The following comes from a Feb. 28 story in the Los Angeles Times.
Erica Eihl speaks in a voice that her kindergartners can hear only if they are as quiet as the church mice in children’s storybooks.
And with a couple of squirrelly exceptions, they stay that quiet for 15 or 20 minutes — a near eternity — as Eihl guides them to use all their senses to consider a piece of apple, with directions such as, “Looking at the apple, look on the outside. Look on the inside.… Remember, keep it in your palm and just look at it.”
When she asks for their input, she gets raised hands and comments such as: “It smells juicy and apple-y” and “I see little tiny white spots.”
Mindful eating is just one of the mindful practices at the Citizens of the World charter school in Mar Vista, with 160 children in kindergarten through second grade.
“We are mindful and heartful” is the golden rule at the school, and the children practice mindful meditation in the mornings and after recess, among other times, often with 30 seconds to five minutes of silence — time when they can notice what is happening at the moment without judgment, which is at the heart of mindful meditation.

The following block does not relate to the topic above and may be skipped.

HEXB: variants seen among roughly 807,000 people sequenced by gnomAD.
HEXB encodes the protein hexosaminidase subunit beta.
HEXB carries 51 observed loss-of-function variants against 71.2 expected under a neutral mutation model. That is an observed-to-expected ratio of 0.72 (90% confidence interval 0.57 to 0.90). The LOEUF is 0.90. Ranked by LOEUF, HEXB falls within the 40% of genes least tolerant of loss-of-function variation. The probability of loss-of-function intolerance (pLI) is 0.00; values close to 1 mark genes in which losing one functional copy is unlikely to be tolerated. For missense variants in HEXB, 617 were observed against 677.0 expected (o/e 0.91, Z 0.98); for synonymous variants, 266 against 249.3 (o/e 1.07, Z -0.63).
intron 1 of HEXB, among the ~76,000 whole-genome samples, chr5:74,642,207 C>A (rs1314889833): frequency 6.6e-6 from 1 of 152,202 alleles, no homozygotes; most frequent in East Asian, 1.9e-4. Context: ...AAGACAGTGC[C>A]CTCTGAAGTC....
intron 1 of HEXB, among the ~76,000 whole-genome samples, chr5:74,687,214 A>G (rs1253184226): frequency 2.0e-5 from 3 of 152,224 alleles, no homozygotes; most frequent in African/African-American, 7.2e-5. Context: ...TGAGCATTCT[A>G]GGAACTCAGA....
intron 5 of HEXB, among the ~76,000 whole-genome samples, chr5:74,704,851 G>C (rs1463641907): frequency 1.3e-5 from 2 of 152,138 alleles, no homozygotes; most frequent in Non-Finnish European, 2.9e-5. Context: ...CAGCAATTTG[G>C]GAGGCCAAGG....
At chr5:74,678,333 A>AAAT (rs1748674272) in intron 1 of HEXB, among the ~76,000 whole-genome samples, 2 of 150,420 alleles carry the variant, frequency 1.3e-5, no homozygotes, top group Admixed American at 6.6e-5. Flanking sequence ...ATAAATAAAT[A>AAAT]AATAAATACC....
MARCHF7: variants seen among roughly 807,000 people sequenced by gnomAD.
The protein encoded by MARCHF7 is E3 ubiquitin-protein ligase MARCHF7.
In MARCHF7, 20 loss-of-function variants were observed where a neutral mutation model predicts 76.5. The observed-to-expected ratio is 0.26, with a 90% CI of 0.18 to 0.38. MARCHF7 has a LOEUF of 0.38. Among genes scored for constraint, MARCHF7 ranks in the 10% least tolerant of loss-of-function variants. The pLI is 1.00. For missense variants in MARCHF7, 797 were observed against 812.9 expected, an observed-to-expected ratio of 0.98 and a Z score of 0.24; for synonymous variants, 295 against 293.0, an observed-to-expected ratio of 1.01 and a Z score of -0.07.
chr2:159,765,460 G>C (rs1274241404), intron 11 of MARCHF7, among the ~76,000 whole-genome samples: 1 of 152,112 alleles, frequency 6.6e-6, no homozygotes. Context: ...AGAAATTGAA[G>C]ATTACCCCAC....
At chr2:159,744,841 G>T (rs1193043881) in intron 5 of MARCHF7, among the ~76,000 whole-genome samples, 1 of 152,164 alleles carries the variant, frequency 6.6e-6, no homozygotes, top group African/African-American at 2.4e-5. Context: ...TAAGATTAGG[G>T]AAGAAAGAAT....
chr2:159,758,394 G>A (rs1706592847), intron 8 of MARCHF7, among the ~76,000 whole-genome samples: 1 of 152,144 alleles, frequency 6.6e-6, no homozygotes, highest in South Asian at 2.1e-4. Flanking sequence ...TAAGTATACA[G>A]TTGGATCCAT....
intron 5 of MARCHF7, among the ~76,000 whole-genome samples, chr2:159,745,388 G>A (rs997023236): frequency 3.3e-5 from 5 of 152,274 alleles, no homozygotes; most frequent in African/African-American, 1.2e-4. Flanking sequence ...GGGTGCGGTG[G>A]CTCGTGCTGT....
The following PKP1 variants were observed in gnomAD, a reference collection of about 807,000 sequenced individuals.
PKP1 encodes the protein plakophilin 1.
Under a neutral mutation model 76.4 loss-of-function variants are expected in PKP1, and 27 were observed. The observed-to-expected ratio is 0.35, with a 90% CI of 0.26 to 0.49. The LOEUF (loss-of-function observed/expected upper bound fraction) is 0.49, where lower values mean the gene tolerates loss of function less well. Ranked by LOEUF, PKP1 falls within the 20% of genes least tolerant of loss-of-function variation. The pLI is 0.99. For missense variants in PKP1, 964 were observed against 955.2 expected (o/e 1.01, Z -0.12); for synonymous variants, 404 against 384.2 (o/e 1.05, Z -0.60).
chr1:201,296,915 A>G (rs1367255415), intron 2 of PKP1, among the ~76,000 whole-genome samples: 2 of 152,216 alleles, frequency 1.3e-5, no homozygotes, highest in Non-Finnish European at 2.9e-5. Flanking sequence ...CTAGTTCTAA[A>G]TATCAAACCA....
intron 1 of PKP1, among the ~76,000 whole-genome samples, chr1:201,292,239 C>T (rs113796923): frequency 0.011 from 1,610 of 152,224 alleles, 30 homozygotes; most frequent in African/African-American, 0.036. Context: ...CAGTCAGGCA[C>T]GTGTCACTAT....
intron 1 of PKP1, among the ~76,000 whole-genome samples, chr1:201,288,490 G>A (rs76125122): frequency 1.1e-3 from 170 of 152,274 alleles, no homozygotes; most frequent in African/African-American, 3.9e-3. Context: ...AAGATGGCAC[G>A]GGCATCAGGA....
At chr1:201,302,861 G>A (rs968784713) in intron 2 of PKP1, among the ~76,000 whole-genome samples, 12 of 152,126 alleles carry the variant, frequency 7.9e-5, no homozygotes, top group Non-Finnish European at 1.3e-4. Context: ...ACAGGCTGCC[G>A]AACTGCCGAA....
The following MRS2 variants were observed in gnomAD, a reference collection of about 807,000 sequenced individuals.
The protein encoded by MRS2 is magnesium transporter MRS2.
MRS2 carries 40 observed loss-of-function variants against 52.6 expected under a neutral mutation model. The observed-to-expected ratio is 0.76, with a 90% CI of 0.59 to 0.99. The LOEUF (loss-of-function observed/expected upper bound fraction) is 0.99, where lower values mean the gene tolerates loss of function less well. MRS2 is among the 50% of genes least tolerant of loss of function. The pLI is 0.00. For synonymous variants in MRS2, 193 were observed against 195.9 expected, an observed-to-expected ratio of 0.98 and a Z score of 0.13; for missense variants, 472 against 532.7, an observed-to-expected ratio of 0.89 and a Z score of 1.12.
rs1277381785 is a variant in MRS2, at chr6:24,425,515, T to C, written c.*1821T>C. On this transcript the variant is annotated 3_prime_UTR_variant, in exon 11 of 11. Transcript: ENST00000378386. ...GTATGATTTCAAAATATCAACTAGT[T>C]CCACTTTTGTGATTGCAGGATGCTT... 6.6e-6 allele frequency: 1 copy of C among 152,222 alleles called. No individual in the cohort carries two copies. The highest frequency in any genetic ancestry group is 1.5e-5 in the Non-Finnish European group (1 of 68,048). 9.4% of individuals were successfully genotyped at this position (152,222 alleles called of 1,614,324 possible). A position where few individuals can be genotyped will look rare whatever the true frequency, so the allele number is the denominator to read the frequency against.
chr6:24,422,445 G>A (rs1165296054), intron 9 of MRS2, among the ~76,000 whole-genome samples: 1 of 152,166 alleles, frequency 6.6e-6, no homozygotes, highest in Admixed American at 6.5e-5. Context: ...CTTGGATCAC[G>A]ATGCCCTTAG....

“They’re very receptive to it,” Eihl says. “They’re so emotional at this age. It’s allowing them to have the tools to be expressive” about their emotions and cope with them.
Educators are catching on to the benefits of mindful meditation.
Indeed, schools in 48 states, and hundreds of schools in California alone, have programs, says Chris McKenna, the program director at Mindful Schools in Emeryville, Calif., which has trained more than 2,000 teachers in mindfulness.
“One of the reasons it’s growing is because the kids are under so much pressure now, with the testing culture and the pressure put on them by teachers and parents to be successful,” says Vicki Zakrzewski, the education director at the Greater Good Science Center at UC Berkeley, which studies the science behind mindfulness.
Mindfulness helps with focus, attention and calming the emotions, she says. Teachers and administrators, she adds, see it as a tool that also can boost school performance.
“Schools are absolutely paying attention to the benefits of mindfulness,” says Lorraine Hobbs, the director of youth and family programs at UC San Diego’s School of Medicine and Center for Mindfulness. “When we can teach kids to pay attention to this inner landscape,” they can learn kindness and compassion….
To read the original story, click here.